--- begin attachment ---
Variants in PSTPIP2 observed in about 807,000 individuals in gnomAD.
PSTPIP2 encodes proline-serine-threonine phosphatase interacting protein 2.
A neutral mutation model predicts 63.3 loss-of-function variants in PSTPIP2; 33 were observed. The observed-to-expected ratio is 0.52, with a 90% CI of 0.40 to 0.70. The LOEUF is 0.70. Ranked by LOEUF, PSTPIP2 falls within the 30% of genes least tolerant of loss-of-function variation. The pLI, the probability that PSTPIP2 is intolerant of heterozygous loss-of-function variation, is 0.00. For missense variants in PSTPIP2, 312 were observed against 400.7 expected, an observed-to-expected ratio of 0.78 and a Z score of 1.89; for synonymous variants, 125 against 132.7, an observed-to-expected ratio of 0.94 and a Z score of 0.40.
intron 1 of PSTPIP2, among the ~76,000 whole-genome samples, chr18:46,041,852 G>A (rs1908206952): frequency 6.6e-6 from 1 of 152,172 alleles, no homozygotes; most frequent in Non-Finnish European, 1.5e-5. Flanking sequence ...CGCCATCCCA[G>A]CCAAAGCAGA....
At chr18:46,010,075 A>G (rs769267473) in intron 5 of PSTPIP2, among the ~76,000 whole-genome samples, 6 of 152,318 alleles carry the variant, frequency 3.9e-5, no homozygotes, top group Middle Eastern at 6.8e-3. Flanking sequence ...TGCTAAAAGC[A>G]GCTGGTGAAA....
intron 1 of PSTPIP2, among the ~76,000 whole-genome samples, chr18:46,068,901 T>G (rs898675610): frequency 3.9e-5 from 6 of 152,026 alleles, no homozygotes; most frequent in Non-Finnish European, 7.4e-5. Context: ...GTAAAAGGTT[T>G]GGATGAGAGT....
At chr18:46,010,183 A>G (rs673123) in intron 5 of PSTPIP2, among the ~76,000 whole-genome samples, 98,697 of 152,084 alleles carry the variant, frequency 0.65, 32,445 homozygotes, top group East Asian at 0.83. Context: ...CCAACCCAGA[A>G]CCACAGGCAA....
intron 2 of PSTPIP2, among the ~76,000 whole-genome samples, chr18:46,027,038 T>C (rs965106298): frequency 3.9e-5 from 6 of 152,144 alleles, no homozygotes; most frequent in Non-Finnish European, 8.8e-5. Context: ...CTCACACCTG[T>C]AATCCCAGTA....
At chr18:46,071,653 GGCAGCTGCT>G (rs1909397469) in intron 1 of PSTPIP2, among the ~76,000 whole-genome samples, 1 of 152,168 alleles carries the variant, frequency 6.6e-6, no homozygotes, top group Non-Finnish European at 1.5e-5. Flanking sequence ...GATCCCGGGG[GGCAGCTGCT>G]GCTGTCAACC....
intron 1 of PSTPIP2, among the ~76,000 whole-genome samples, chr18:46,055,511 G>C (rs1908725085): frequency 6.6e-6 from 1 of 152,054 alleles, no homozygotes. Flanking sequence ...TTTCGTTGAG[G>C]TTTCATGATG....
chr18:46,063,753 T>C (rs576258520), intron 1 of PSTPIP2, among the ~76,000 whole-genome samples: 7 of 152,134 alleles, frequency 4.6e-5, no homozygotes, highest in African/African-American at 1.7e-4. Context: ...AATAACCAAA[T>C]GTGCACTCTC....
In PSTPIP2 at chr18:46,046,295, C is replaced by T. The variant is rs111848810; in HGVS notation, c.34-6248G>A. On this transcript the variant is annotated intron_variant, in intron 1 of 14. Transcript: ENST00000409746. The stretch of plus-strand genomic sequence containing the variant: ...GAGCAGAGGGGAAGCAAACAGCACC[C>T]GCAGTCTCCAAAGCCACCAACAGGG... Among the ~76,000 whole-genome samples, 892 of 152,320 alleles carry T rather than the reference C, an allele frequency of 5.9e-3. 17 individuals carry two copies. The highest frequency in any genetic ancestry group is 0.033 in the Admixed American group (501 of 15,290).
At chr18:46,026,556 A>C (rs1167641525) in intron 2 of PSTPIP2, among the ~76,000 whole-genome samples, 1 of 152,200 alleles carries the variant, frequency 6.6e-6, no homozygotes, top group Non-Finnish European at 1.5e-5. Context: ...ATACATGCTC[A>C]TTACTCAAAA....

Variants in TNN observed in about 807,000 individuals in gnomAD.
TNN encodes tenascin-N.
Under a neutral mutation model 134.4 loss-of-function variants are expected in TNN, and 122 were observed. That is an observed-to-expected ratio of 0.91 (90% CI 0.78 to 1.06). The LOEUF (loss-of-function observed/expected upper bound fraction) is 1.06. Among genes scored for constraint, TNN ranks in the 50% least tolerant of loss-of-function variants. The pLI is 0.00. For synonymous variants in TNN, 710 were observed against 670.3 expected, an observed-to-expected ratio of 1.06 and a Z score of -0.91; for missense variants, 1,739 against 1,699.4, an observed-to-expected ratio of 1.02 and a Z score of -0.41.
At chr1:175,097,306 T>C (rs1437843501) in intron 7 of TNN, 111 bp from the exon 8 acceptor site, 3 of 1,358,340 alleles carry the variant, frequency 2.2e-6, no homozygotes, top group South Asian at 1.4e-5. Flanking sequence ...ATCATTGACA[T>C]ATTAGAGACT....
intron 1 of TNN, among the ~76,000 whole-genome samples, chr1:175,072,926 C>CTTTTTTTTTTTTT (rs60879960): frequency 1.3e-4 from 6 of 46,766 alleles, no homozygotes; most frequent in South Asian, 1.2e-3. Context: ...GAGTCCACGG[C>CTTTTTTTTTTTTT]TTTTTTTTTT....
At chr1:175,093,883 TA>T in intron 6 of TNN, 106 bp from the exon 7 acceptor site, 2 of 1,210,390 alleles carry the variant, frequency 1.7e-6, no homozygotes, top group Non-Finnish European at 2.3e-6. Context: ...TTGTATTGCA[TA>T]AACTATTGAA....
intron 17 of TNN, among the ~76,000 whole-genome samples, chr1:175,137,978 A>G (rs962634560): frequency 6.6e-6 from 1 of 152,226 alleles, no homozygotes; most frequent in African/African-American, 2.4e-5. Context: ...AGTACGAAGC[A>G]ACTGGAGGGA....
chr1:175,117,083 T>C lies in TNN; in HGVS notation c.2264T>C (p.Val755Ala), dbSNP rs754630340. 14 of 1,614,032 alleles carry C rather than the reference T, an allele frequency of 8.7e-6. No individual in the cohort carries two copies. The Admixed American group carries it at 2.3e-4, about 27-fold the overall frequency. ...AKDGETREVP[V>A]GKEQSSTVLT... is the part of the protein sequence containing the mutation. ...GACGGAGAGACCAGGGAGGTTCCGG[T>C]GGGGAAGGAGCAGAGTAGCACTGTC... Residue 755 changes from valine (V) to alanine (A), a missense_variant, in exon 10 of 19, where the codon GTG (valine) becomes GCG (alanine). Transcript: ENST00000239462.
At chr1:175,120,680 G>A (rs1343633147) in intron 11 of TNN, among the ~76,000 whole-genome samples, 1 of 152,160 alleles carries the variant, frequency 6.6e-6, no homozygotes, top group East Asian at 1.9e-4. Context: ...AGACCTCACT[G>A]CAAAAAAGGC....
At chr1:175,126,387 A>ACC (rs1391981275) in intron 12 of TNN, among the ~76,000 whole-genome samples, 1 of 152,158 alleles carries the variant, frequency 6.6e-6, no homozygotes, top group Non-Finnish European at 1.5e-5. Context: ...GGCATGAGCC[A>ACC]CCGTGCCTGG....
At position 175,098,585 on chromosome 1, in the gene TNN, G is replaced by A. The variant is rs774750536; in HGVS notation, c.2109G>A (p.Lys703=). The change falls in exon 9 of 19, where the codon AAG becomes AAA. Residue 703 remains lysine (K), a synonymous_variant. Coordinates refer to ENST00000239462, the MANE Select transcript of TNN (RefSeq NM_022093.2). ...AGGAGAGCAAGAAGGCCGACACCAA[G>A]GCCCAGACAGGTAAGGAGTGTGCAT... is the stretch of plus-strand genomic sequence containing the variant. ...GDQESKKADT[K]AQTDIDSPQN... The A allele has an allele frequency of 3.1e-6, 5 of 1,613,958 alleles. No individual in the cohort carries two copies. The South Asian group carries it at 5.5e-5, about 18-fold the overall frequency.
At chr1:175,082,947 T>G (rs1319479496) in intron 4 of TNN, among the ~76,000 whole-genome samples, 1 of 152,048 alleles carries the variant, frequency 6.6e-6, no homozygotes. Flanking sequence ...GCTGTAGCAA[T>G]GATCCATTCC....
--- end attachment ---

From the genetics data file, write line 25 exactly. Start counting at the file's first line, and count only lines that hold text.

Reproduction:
At chr1:175,082,947 T>G (rs1319479496) in intron 4 of TNN, among the ~76,000 whole-genome samples, 1 of 152,048 alleles carries the variant, frequency 6.6e-6, no homozygotes. Flanking sequence ...GCTGTAGCAA[T>G]GATCCATTCC....